Chapter 17

Of the manners, customs, religious opinions and ceremonies of the indians

Thus have I made a true and full narration of the state of our Plantation, and such things as were most remarkable therein since December, 1621. If I have omitted anything, it is either through weakness of memory, or because I judged it not material. I confess my style rude, and unskilfulness in the task I undertook; being urged thereunto by opportunity, which I knew to be wanting in others, and but for which I would not have undertaken the same. Yet as it is rude, so it is plain, and therefore the easier to be understood; wherein others may see that which we are bound to acknowledge, viz. that if ever any people in these later ages were upheld by the providence of God after a more special manner than others, then we; and therefore are the more bound to celebrate the memory of his goodness with everlasting thankfulness. For in these forenamed straits, such was our state, as in the morning we had often our food to seek for the day, and yet performed the duties of our callings, I mean other daily labours, to provide for after time; and though at some times in some seasons at noon I have seen men stagger by reason of faintness for want of food; yet ere night, by the good providence and blessing of God, we have enjoyed such plenty as though the windows of heaven had been opened unto us. How few, weak, and raw were we at our first beginning, and there settling, and in the midst of barbarous enemies! Yet God wrought our peace for us. How often have we been at the pit’s brim, and in danger to be swallowed up, yea, not knowing till afterward that we were in peril! And yet God preserved us; yea, and from how many that we yet know not of, He that knoweth all things can best tell. So that when I seriously consider of things, I cannot but think that God hath a purpose to give that land as an inheritance to our nation, and great pity it were that it should long lie in so desolate a state, considering it agreeth so well with the constitution of our bodies, being both fertile, and so temperate for heat and cold, as in that respect one can scarce distinguish New England from Old.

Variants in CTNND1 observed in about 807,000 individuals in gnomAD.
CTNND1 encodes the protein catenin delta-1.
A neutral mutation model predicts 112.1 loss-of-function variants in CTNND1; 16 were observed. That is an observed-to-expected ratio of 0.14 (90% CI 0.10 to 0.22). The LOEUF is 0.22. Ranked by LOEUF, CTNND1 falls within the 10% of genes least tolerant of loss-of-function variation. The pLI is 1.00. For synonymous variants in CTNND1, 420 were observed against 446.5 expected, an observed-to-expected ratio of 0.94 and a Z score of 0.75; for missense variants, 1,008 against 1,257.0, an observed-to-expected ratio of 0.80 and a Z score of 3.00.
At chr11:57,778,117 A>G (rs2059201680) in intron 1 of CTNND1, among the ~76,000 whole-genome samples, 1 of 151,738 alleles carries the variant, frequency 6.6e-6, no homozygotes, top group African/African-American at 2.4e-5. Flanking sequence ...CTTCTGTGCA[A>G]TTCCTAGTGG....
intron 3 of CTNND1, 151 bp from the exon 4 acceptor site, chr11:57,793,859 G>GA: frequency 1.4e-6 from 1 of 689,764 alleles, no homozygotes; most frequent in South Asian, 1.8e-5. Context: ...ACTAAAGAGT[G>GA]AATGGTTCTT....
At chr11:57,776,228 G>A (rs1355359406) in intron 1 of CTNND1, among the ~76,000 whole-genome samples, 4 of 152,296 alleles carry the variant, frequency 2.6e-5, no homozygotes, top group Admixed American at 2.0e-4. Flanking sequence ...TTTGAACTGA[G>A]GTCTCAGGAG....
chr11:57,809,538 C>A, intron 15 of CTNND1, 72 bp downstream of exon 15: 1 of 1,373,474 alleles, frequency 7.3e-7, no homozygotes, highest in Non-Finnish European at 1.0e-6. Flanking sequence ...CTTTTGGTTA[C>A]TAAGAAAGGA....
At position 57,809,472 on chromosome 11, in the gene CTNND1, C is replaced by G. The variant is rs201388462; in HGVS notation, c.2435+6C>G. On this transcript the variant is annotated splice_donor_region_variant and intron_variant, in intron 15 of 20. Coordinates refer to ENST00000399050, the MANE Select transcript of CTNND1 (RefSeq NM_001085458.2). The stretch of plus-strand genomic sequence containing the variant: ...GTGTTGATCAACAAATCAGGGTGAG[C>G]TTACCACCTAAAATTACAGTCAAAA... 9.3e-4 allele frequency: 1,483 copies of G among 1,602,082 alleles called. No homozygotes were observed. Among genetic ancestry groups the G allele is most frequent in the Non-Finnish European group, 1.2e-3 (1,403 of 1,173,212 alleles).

A few things I thought meet to add hereunto, which I have observed amongst the Indians, both touching their religion and sundry other customs amongst them. And first, whereas myself and others, in former letters (which came to the press against my will and knowledge), wrote that the Indians about us are a people without any religion, or knowledge of any God, therein I erred, though we could then gather no better; for as they conceive of many divine powers, so of one, whom they call Kiehtan,1

to be the principal and maker of all the rest, and to be made by none. He, they say, created the heavens, earth, sea and all creatures contained therein; also that he made one man and one woman, of whom they and we and all mankind came;2 but how they became so far dispersed, that know they not. At first, they say, there was no sachim or king, but Kiehtan, who dwelleth above in the heavens, whither all good men go when they die, to see their friends, and have their fill of all things. This his habitation lieth far westward in the heavens, they say; thither the bad men go also, and knock at his door, but he bids them quatchet, that is to say, walk abroad, for there is no place for such; so that they wander in restless want and penury.3 Never man saw this Kiehtan; only old men tell them of him, and bid them tell their children, yea to charge them to teach their posterities the same, and lay the like charge upon them. This power they acknowledge to be good; and when they would obtain any great matter, meet together and cry unto him; and so likewise for plenty, victory, etc., sing, dance, feast, give thanks, and hang up garlands and other things in memory of the same.

Another power they worship, whom they call Hobbamock, and to the northward of us, Hobbamoqui;4

this, as far as we can conceive, is the devil. Him they call upon to cure their wounds and diseases. When they are curable, he persuades them he sends the same for some conceived anger against them; but upon their calling upon him, can and doth help them; but when they are mortal and not curable in nature, then he persuades them Kiehtan is angry, and sends them, whom none can cure; insomuch as in that respect only they somewhat doubt whether he be simply good, and therefore in sickness never call upon him. This Hobbamock appears in sundry forms unto them, as in the shape of a man, a deer, a fawn, an eagle, etc., but most ordinarily a snake. He appears not to all, but the chiefest and most judicious amongst them; though all of them strive to attain to that hellish height of honour. He appeareth most ordinary and is most conversant with three sorts of people. One, I confess I neither know by name nor office directly; of these they have few, but esteem highly of them, and think that no weapon can kill them; another they call by the name of powah; and the third pniese.

  By PanEris using Melati.

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